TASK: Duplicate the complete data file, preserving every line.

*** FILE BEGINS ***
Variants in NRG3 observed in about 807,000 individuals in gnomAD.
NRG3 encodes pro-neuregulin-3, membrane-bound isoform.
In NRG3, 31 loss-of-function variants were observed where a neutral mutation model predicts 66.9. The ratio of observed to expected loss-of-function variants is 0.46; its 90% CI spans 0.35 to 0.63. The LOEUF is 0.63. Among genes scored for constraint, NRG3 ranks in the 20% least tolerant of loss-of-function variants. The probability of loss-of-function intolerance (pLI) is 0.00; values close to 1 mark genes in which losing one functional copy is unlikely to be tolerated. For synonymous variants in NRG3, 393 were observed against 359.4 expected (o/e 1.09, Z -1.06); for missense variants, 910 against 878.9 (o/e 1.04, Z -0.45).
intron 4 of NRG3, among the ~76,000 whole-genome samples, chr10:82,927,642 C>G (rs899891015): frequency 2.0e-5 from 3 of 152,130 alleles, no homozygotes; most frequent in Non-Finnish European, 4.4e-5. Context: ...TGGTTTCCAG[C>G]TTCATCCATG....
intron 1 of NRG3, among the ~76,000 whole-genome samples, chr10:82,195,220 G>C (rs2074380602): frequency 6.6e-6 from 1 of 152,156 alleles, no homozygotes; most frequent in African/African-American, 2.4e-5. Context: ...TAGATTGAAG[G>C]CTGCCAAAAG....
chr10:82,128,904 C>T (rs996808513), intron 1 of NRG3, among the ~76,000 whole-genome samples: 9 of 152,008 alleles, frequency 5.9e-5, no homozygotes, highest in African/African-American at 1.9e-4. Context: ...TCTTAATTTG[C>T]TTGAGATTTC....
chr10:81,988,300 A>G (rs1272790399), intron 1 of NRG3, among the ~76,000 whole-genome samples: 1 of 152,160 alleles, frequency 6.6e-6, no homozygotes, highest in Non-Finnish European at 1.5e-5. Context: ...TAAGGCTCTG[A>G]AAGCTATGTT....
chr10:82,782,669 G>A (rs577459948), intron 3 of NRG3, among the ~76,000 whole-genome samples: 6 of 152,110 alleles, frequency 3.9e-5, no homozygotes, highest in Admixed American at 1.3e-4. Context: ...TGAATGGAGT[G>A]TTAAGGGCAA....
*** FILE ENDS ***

Variants in NRG3 observed in about 807,000 individuals in gnomAD.
NRG3 encodes pro-neuregulin-3, membrane-bound isoform.
In NRG3, 31 loss-of-function variants were observed where a neutral mutation model predicts 66.9. The ratio of observed to expected loss-of-function variants is 0.46; its 90% CI spans 0.35 to 0.63. The LOEUF is 0.63. Among genes scored for constraint, NRG3 ranks in the 20% least tolerant of loss-of-function variants. The probability of loss-of-function intolerance (pLI) is 0.00; values close to 1 mark genes in which losing one functional copy is unlikely to be tolerated. For synonymous variants in NRG3, 393 were observed against 359.4 expected (o/e 1.09, Z -1.06); for missense variants, 910 against 878.9 (o/e 1.04, Z -0.45).
intron 4 of NRG3, among the ~76,000 whole-genome samples, chr10:82,927,642 C>G (rs899891015): frequency 2.0e-5 from 3 of 152,130 alleles, no homozygotes; most frequent in Non-Finnish European, 4.4e-5. Context: ...TGGTTTCCAG[C>G]TTCATCCATG....
intron 1 of NRG3, among the ~76,000 whole-genome samples, chr10:82,195,220 G>C (rs2074380602): frequency 6.6e-6 from 1 of 152,156 alleles, no homozygotes; most frequent in African/African-American, 2.4e-5. Context: ...TAGATTGAAG[G>C]CTGCCAAAAG....
chr10:82,128,904 C>T (rs996808513), intron 1 of NRG3, among the ~76,000 whole-genome samples: 9 of 152,008 alleles, frequency 5.9e-5, no homozygotes, highest in African/African-American at 1.9e-4. Context: ...TCTTAATTTG[C>T]TTGAGATTTC....
chr10:81,988,300 A>G (rs1272790399), intron 1 of NRG3, among the ~76,000 whole-genome samples: 1 of 152,160 alleles, frequency 6.6e-6, no homozygotes, highest in Non-Finnish European at 1.5e-5. Context: ...TAAGGCTCTG[A>G]AAGCTATGTT....
chr10:82,782,669 G>A (rs577459948), intron 3 of NRG3, among the ~76,000 whole-genome samples: 6 of 152,110 alleles, frequency 3.9e-5, no homozygotes, highest in Admixed American at 1.3e-4. Context: ...TGAATGGAGT[G>A]TTAAGGGCAA....